Companies that are seeking to prevent this type of activity on their platforms can implement policies and procedures that discourage this activity, such as removing users that perform wash trades and reporting them as well as utilize automated tools to identify these types of transactions.

Traditional financial institutions are buying into cryptocurrencies in a big way – Standard Chartered Bank, Citibank, JP Morgan Chase and Goldman Sachs among others have all made multi-million-dollar investments in blockchain technology. 


Q: What are the latest technology trends in the fight against financial crimes? 

Elif Cinar: 

When we talk about the technological developments in the transactions space, Intelligent automation is the greatest asset we currently have towards making our anti-financial crimes efforts stronger and more efficient.

Intelligent automation can come in different forms: At the most basic level, it starts with applying robotics process automation to AML and sanctions alert investigations and case management. As fancy as ‘robotics process automation’ sounds, it basically refers to the act of automating the repeatable steps of investigating and adjudicating alerts in transaction monitoring and sanctions screening systems. When investigating an alert, a human investigator often needs to gather data from various internal systems, including internal transactional and customer databases, as well as conduct searches on external resources for background information on the related entities. What if we could get an automated process to complete all the repetitive steps, including the drafting of the investigation report? Not only does it save time, but it also greatly reduces incidence of human error.

A higher form of machine intelligence that can be applied to transaction monitoring and sanctions screening is machine learning, where historical outcomes of previous cases and other available information can be used to train a model to perform the investigation and make a determination on a given alert. These types of models utilize existing data as a baseline and then learn from continuous feedback to improve performance over time. They don’t replace human investigators, but they complement them to make the outcomes more efficient and more accurate.

Q: What advice would you offer to organizations on integrating technology into their processes to enhance the efficiency of their AML capabilities and allow them to detect unusual behavior and identify red flags?

Elif Cinar:

This is not going to be a surprise for many, but the best advice I can give anyone who is using any kind of technology-enabled solution to enhance their AML programs is to make sure that the data they are feeding into their transaction monitoring system pass the data quality test. The financial institutions that are farther along the maturity curve in their AML programs tend to have strong data quality assessment processes and procedures that perform ‘source to surveillance’ tests on their transaction data.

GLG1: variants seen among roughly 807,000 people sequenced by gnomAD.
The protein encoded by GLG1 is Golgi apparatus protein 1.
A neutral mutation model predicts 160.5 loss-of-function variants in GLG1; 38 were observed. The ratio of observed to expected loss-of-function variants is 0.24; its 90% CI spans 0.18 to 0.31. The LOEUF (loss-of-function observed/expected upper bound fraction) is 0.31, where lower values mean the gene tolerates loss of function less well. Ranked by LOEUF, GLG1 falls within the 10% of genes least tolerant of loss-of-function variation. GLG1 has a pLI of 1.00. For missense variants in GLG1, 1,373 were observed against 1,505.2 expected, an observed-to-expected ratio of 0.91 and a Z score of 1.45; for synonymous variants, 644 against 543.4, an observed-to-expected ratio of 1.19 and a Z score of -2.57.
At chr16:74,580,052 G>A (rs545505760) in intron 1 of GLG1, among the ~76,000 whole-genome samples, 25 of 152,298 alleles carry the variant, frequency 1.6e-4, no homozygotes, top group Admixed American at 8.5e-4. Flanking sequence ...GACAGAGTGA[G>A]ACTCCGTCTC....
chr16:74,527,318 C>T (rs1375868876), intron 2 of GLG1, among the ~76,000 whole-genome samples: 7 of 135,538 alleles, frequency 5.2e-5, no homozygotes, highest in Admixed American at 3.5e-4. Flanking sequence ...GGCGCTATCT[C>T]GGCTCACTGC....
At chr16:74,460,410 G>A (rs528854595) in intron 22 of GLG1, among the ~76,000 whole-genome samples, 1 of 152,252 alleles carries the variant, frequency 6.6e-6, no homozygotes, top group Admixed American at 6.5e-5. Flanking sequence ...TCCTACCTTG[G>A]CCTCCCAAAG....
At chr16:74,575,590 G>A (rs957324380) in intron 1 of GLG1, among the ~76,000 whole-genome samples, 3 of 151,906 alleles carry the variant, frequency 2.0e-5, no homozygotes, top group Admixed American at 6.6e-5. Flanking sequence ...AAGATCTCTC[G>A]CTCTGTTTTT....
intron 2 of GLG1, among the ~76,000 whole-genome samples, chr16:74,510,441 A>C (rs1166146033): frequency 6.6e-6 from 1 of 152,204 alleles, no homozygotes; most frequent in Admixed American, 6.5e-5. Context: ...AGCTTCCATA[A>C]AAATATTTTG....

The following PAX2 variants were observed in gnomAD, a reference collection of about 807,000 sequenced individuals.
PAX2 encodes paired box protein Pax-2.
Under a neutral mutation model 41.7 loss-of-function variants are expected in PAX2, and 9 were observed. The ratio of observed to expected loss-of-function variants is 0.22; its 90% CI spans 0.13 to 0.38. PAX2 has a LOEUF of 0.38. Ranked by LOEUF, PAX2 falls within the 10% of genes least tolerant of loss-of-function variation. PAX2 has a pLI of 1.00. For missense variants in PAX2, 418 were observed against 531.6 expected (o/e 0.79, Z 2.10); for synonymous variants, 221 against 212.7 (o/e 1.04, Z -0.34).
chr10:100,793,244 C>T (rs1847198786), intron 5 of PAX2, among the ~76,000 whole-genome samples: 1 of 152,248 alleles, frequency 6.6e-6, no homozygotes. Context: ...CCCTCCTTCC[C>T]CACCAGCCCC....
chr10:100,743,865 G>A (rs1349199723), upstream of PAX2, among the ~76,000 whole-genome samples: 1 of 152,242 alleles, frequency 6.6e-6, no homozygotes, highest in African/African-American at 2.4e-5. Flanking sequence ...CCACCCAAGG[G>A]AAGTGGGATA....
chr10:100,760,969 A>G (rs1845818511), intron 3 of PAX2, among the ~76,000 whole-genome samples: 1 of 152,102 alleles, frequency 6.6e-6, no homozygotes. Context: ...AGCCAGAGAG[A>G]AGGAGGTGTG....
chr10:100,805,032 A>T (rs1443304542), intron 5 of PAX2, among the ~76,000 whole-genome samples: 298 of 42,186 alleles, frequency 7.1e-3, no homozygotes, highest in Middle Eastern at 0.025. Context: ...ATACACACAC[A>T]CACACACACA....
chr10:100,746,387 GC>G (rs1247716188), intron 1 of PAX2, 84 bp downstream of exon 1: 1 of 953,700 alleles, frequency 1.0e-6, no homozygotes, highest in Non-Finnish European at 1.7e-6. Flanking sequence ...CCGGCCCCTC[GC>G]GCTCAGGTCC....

These tests include checks across all six pillars of data quality: accuracy, completeness, consistency, integrity, timeliness, and validity, and they are run on different junctions of the data (and transaction) lifecycle to make sure that critical data elements are not getting corrupted or lost along the way. Think of it this way: You have a bank teller entering the transaction details into the front office system. By the time the data gets to the surveillance system, it undergoes many transfers and transformations. Some of the world’s biggest financial institutions have gotten fined hundreds of millions of dollars because key transaction data got truncated somewhere along the way, rendering their transaction monitoring system ineffective. Clean data is key, because without clean data, the outliers that you pick up as unusual behavior or red flags are very likely to be insufficient, unreliable, and/or misleading.

In the transactions landscape, technology acts as both a catalyst of innovation and an enabler of fraud. The only way to effectively mitigate risks of financial crimes in the digital world is to embrace technology-enabled solutions.

© Copyright 2022. The views expressed herein are those of the author(s) and not necessarily the views of Ankura Consulting Group, LLC., its management, its subsidiaries, its affiliates, or its other professionals. Ankura is not a law firm and cannot provide legal advice.


anti-corruption, anti-money laundering, article, f-risk, risk & compliance, compliance & ethics, economic sanctions, c-russia, fraud & recovery, cryptocurrency & blockchain